Whether it’s on the hardwood, the homecoming court, or the hallways, Auburn senior Blanche Alverson is always getting recognized.
“People come up and talk to me all the time,” Alverson says. “Someone I don’t know will walk over to me at a restaurant or somewhere on campus and say, ‘You’re Blanche Alverson, right?’”
But that’s to be expected when you’re a star player for the women’s basketball team, Miss Homecoming, former SEC Scholar Athlete of the Year, and community service leader.
The life of a Division I student-athlete can be hectic, especially at a power conference school like Auburn. Alverson, a native of Andalusia, Ala., takes hectic to the next level. In addition to her role as a leader on the court, she is the founder of the community service initiative “Ballin’ For Books”, a pre-med major with a 3.68 GPA and a member of the Kappa Delta sorority.
Finding time for it all is hard, but Alverson wouldn’t have it any other way.
“Sleep is pretty hard to come by,” Alverson said. “But I really enjoy it. I think it’s important to enjoy what you do. If I didn’t love it, I wouldn’t be involved in it. I like to be challenged in every aspect of my life, and Auburn has enabled me to do everything I have wanted to do.”
Despite having been involved in so many activities during her career at Auburn, Alverson wasn’t always “All In”. While most of her family went to Auburn–her great-grandfather Rube Alverson played baseball for the Tigers–this former National Top 50 HS recruit wanted to do her own thing.
But when Alverson started seriously looking at other schools, none measured up.
“I knew Auburn was the only choice,” Alverson recalled. “I knew that’s where I wanted to be. Everything reminded me of Auburn, and there was nowhere else in my mind that compared to here.”
After signing with the Tigers and moving onto campus, Alverson was quickly thrown into Auburn’s rotation, getting major minutes as a freshman. She would later start every game of her sophomore season, the only Tiger to do so in that 2010-11 NIT campaign.
“I was very fortunate to be so involved and have a role so early in my career,” Alverson said. “Normally that’s not the case, no matter how good you were in high school. We were low in numbers on our roster, so I had to step up really quick. During freshman year, I had to forget that I was a freshman and start playing like an upperclassman.”
Last season, it was Alverson’s efforts off the court that got attention. The “Ballin’ For Books” campaign collected over 1,000 books for local schools and the Boys and Girls Club. After being named to the SEC Community Service Team for the second straight season, Alverson was awarded the SEC Scholar Athlete of the Year for women’s basketball.
And then came major changes to Auburn’s women’s basketball program. Terri Williams-Flournoy was hired to replace former head coach Nell Fortner, meaning Alverson had to adjust to a new staff, playbook and philosophy as a senior.
“We talk all the time about freshmen having a hard time adjusting, but everyone else was in the same boat,” Alverson said. “(The seniors) had to pick it up quickly so we could teach our new players. And we’re still adjusting. I have gone from knowing every play like the back of my hand to having to learn a new playbook.”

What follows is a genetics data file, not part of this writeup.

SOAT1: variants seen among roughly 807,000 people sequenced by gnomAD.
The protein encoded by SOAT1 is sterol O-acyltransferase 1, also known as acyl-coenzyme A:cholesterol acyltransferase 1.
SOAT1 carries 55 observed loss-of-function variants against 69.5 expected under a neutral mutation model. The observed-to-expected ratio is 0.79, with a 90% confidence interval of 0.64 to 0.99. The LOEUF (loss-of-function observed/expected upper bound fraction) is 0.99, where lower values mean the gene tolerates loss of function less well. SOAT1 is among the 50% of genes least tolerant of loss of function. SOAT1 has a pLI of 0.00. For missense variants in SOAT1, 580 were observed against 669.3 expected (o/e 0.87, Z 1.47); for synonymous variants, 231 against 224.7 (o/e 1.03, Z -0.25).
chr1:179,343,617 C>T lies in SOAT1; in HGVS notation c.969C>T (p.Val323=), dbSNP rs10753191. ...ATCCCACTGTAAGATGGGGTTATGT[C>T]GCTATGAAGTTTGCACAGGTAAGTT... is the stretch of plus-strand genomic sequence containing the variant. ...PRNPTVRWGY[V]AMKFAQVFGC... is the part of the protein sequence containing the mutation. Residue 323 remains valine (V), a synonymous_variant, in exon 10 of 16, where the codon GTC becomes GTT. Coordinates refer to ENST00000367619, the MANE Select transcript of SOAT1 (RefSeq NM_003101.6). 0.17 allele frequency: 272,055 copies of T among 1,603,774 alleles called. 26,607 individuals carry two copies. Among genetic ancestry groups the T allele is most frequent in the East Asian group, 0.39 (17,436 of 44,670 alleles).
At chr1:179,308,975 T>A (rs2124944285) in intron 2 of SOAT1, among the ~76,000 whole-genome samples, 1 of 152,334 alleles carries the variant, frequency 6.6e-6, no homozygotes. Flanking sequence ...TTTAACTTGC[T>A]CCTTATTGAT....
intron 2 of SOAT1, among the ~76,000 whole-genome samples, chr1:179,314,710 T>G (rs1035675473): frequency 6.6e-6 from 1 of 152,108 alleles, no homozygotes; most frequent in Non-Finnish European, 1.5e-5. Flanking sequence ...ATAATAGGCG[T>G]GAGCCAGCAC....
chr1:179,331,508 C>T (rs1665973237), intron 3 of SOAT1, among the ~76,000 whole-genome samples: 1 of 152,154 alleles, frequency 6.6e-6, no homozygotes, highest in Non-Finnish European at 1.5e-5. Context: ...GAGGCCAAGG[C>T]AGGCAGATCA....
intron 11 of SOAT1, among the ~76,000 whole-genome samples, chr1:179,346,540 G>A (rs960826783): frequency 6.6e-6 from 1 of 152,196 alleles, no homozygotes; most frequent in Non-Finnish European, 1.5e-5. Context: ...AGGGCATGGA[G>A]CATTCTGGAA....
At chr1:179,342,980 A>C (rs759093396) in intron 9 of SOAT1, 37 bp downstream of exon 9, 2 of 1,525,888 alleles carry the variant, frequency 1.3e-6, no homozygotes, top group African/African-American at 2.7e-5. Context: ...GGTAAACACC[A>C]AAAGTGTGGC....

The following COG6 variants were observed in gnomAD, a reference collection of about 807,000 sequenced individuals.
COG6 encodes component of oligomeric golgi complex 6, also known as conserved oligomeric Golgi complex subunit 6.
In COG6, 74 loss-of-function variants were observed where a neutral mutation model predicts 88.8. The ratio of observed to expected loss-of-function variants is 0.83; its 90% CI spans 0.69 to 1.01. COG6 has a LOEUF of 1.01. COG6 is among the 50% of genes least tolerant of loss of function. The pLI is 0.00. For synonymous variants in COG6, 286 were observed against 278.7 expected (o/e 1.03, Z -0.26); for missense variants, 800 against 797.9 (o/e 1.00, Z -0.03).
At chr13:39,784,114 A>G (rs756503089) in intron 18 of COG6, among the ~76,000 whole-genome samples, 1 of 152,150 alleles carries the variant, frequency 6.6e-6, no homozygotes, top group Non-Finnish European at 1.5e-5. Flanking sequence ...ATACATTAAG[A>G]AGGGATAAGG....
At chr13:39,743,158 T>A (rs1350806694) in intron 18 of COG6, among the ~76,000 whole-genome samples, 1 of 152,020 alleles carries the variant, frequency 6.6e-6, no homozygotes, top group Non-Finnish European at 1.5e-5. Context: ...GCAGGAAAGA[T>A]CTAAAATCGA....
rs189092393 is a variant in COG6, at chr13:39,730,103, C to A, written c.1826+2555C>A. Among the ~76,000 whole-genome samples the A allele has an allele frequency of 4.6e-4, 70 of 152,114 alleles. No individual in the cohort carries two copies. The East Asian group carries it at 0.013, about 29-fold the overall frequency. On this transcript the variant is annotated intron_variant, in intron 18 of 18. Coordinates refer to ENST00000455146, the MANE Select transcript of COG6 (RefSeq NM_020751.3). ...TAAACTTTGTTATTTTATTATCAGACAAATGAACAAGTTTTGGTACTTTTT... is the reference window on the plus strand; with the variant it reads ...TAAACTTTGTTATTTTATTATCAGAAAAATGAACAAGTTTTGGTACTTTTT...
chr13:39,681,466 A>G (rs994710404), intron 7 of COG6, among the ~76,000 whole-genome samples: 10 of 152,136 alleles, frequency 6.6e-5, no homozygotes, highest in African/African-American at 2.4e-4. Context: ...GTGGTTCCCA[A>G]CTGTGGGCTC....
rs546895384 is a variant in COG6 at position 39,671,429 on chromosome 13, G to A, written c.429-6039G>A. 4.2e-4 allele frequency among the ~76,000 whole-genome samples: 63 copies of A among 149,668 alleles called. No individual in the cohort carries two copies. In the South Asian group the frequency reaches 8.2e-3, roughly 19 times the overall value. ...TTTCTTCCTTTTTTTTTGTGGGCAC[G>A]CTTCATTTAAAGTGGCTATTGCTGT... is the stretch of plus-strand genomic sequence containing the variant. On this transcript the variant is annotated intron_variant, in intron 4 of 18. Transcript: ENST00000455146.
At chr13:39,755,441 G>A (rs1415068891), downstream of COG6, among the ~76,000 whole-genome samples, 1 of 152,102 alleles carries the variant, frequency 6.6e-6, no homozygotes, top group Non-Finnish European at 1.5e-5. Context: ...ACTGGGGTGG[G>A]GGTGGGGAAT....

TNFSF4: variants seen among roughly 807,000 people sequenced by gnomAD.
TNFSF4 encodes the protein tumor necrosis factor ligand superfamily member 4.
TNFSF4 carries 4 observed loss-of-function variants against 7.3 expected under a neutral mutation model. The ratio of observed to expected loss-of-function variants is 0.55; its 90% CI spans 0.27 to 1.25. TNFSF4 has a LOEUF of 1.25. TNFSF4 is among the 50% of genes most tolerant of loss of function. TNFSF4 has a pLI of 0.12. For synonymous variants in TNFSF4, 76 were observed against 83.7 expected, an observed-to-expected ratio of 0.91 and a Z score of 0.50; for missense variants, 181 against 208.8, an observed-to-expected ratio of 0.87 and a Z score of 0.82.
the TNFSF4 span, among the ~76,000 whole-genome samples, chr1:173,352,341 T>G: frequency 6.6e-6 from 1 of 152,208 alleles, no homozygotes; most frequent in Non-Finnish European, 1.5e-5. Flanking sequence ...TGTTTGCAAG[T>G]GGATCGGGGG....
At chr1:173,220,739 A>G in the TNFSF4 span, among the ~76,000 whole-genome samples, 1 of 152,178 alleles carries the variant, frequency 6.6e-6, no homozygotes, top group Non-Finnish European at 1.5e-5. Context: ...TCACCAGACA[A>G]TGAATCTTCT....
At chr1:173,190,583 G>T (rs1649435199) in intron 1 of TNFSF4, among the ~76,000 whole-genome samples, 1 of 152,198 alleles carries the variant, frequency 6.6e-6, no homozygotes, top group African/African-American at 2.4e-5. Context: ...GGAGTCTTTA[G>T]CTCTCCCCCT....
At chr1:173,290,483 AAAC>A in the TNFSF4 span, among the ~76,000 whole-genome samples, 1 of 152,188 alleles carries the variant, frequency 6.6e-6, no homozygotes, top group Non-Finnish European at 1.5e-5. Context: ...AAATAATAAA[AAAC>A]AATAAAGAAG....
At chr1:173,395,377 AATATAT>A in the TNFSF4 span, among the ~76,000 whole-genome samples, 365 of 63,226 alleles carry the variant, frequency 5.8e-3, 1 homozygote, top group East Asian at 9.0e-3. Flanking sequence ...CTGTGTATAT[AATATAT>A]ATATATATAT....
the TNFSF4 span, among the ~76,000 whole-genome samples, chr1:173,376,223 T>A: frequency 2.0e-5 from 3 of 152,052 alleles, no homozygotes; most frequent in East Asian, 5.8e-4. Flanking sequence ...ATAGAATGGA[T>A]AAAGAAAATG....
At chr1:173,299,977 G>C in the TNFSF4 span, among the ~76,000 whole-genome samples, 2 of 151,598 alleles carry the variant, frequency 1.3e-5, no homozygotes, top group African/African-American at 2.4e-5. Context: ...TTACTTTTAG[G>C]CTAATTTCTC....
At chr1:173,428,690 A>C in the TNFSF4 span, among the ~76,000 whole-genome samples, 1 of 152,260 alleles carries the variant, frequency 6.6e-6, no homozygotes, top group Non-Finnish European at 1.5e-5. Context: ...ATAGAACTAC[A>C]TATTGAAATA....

But even with all the offseason adjustments, Alverson was able to run a successful campaign–using “Ballin’ For Books” as her platform–to win Miss Homecoming last November.
“It was something I really enjoyed doing, especially bringing more awareness to the (“Ballin’ for Books'”) campaign,” Alverson says. “Now when we do it later this year, more people will know about it and hopefully help out the cause.
“Winning was very rewarding. My campaign staff and I had put in so much work that week. It was fun having the support of the community during the campaign, too. I know there were a lot of women’s basketball fans that were excited to see a women’s basketball player win Miss Homecoming. It was a cool experience.”
And it hasn’t affected her game. Alverson has kept up her high level of play, averaging 12 points and six rebounds per game. Last month, she became the 27th player in Auburn history to reach the 1,000 career point mark. Last Thursday night against LSU, Alverson moved into second all-time in career three-pointers made. But does her reputation as the SEC’s only homecoming queen on the hardwood—currently, or maybe ever—precede her in games?
“I know a few coaching staffs knew about it,” Alverson said. “When we played NC State, I know their head coach, and she congratulated me on winning. So I think people know, but it doesn’t affect anything in the game. No one has ever said anything about to me on the court.”
Despite her achievements, Alverson says what she’ll treasure most from her career at Auburn are the experiences—but not a game-winning shot or even winning Miss Homecoming.
“The first home game I started during freshman year is my favorite moment at Auburn,” Alverson says. “I’ve started plenty of games before, but it was that first home one that I cherish. You remember hearing the crowd cheering for you when you first run onto the court. I remember seeing my entire sorority in the stands, wearing t-shirts supporting me and the team. It was a pretty cool feeling.
“I look at all the big wins we’ve had during my time here, but it’s about the memories like that first home game.”
So what’s next for Blanche Alverson? Medical school? Coaching? President?
“I’m definitely keeping my options open,” she says. “But right off the bat…I’ll probably end up playing professionally next year overseas. Just to take a break from school and have fun playing basketball.”
With all that Alverson has accomplished at Auburn and her killer jump shot, who could blame her?
Top photos: Todd VanEmst, bottom photos via.
Related: Cam Newton talks with Fox News about returning to Auburn for his sociology degree.
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